‘As head of new work, I serve the company’s focus on the development, the commissioning, the sourcing, the relationships — domestically and internationally — around new plays, new development, new voices, from idea right through to opening night. The role is also about advocacy and connection and being a pathway into the company; whether that’s speaking strategically with sister or peer organisations, or development organisations, but also individual writers or collaborative teams.’
‘There is tremendous awareness in the sector and specifically in the Belvoir context around gender parity and also in terms of diversity. Does our work reflect what contemporary Australia looks like and engage with ideas and ways of thinking that are domestic, national and global? We have a range of staff members who work in the artistic and programming team and we all bring not only own artistic practice, but we also actively seek to engage with and ask questions about whose voice is missing; what processes need to be put in place in order for those voices to be engaged with richly and deeply; and whose hands is this work best delivered in?’
Louise believes that the notion of identity underneath the work is important to what the work is and who it speaks to, but, she says, ‘at the same time, we look for great art. It’s the combination of who and what and in what form.’
Belvoir looks across the cycle of programming when it comes to establishing gender parity. ‘It’s just getting a sense of the picture, and of course every year we try for it but sometimes the season skews a little bit some way, but we ensure that we are at parity or close to parity over a couple of years.’
Given the pressure to represent different voices, how do they avoid the temptation of putting a work too early?
‘There is a great responsibility, particularly if it is a newer voice, to ensure that the work and the creator or creative are not exposed too heavily before they are ready. That’s a negotiation, and there are multiple people in that conversation with various interests. There is that conversation inside the work, and a conversation around the shape of the season, the offering it gives to existing and potential new members of audience for the company; who else is doing what – does the shape of the season need a work that has this sort of voice or this sort of scale?’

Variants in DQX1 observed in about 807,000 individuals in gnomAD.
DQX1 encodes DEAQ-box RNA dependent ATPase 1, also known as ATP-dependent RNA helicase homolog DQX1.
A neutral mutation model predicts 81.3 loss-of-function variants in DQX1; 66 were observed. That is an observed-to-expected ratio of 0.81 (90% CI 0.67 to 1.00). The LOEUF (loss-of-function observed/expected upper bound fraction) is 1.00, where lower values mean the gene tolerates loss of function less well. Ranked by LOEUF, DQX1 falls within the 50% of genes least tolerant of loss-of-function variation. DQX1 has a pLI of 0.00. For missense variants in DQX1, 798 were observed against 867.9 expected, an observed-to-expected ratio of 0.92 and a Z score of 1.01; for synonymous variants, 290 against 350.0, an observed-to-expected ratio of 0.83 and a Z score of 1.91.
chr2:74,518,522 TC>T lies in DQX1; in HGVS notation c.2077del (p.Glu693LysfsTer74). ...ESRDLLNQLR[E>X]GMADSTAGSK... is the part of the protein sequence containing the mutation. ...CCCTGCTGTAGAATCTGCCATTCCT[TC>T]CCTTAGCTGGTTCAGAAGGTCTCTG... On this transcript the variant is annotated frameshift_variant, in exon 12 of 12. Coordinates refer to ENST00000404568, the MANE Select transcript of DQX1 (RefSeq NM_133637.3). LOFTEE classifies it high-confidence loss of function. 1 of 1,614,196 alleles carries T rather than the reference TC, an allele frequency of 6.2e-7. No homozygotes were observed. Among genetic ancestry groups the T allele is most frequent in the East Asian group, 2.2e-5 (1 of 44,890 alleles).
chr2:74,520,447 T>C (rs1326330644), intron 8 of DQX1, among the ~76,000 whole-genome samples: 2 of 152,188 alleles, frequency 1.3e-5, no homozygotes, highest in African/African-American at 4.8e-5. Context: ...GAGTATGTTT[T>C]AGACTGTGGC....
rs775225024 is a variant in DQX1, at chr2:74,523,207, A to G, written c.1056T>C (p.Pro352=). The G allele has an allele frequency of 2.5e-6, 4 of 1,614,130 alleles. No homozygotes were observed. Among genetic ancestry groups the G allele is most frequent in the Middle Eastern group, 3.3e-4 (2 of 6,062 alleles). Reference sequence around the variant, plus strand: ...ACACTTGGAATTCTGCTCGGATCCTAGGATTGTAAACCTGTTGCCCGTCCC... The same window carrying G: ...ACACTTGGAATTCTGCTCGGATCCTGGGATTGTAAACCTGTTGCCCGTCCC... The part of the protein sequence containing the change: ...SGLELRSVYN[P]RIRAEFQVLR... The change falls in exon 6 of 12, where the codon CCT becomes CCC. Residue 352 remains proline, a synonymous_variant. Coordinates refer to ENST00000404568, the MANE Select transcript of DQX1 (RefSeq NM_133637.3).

Asked about what Belvoir is doing about bringing women’s voices into the theatre and onto the main stage, Louise feels that there is strength in both the creative and executive sides from the female point of view.
‘We have a female chair, a female executive director, female head of new work and associate director – these are key influential roles and positions in the company.
Belvoir has a male artistic director, in the person of Eamon Flack, but Louise does not see that as an obstacle to presenting the female voice. She points out that artistic directors work on multiple layers — in artistic terms, as artists in their own right, but also with the broader leadership remit looking at the landscape, at the conversations that are happening artistically, formally, thematically around the voices, the work and how it extends and engages with current and future audiences.
‘In Belvoir, there is a polyphonic conversation as opposed to only one view. Of course, the conversations get very vigorous sometimes about what value is seen in particular works or striking that balance. The conversation is not solely about a new play, but it’s also about who are our partners in the sector; and is there work that already exists that is a beautiful fit within the shape of the season that’s being built. We all influence and bias check each other consistently through that process.’